Make Your Website Go Public With The Right Host
Web hosting services are providers that give public access to websites. Every website, no matter its nature, must be hosted by a web host if it means to make its appearance to the public. The same goes for yours so after the designing and coding phase is over, look for a web host.
There are different types of hosting services, some extremely expensive, others very low cost and even free. The choice is up to you. However, free services lack certain features you may deem important such as a dedicated domain name (not available with free hosting) and slower connectivity (with shared hosting as other websites share the same server). If cost is no factor then a dedicated service is your answer. It’s extremely fast and gives you root access but security and maintenance issues are on you.
Now that you know some of the options available, let’s look at what other factors should influence the web host you choose.
• Domain name registration: Before your site goes live, you need a domain name that internet users can identify. Web hosts generally offer domain name registration where you enter the name you want and check to see if it’s available. ‘.com’ extensions are more expensive but if yours is an e-commerce site, it’s the best bet.
Aside from the name, check the fine print. Some hosting companies may increase hosting costs without prior notification. Or there could be a clause that allows them to sell domain names if you don’t meet some criteria.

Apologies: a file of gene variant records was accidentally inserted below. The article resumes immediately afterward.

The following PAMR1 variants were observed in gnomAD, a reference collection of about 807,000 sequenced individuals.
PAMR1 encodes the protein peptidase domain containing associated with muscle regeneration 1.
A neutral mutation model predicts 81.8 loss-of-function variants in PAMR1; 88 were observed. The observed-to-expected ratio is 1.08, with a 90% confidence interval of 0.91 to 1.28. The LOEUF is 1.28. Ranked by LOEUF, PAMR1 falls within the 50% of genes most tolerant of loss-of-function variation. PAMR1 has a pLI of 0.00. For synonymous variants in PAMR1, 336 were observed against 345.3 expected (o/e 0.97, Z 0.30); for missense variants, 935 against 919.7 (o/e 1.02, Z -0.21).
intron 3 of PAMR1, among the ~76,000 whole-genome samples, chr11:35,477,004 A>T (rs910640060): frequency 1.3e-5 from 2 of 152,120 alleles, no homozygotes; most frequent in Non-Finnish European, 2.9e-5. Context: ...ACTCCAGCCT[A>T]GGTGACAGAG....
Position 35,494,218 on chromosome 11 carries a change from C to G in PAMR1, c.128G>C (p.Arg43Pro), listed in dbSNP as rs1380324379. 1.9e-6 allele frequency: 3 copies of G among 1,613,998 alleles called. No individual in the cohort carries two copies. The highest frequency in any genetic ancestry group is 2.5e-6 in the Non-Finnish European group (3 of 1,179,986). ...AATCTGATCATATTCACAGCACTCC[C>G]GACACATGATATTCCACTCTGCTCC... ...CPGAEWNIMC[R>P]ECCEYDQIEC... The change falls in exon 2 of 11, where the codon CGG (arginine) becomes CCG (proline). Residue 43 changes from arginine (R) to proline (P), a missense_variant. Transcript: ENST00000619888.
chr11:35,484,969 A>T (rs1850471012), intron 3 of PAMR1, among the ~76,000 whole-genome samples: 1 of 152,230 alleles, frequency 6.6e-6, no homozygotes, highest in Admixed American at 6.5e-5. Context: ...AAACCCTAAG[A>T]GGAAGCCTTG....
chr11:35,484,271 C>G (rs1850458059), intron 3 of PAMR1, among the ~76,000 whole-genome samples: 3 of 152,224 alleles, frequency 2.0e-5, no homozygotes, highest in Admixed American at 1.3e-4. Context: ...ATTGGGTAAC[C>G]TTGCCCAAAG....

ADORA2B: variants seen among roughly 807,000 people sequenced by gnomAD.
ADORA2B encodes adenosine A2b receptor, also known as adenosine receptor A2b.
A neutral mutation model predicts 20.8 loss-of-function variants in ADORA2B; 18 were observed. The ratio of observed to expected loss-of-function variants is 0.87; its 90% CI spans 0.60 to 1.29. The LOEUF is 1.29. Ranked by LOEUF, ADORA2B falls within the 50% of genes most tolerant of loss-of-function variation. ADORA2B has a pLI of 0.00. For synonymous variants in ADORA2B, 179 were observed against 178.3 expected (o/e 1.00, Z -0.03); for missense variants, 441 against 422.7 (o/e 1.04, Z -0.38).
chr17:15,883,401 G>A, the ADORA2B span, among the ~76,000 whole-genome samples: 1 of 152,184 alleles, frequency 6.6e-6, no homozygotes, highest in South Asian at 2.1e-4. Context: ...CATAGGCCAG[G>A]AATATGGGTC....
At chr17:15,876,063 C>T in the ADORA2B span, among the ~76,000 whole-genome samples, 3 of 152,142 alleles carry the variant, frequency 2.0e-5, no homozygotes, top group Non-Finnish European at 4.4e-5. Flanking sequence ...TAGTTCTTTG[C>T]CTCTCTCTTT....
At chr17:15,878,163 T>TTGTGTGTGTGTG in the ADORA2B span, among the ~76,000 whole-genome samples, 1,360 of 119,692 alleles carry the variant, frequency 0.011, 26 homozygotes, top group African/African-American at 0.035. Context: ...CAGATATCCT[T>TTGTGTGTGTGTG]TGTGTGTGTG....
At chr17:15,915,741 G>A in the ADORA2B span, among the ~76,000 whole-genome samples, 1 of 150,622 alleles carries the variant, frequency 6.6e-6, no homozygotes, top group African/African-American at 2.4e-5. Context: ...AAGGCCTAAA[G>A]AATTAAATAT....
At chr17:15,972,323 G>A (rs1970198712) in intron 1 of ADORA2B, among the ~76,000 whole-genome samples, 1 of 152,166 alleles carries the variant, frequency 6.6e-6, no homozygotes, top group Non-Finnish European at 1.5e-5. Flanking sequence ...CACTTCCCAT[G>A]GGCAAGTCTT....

• Own or third party: Not all web hosts may use their own servers. Third party services are cheaper but security issues may be a problem. Hosts that own and maintain their own servers may be more reliable especially if you use the site for trade.
• Reliability: Web hosts that run multiple servers can guarantee less downtime, a feature you want as downtime means limited access to the site. Ask for a breakdown of quotations, bandwidth, maintenance, additional hardware and anything else you’ll be billed for. Find out if the service is hosting websites you’re familiar with. Bigger clients mean better reliability.
• Do you need help managing your server? Let’s say you don’t opt for a free or shared server but don’t feel you’re up to the task of managing a dedicated server. The best bet would be to go for a managed server where you pay for the entire server but all administrative tasks will be taken care of by a representative of the hosting company. Not everyone knows the ins and outs of how to manage a server and if you’re an amateur, you don’t want to mess with technical issues.
Semi-managed servers are also available where you take care of minor fixes and leave difficult tasks to a representative.
• Check bandwidth allocation: A website that incorporates a lot of media such as music and video will use plenty of bandwidth. If yours is similar, a few hundred megabytes will not mean anything and you’ll see your website shut down frequently. 2 GB bandwidth or more should be the minimum to look for.
• Check hard disk space: This means the space that’s allotted to you on the server’s hard disk. A minimum of 1 GB is enough if you’re the only one who has a mailbox and you don’t intend to feature an array of videos and games.
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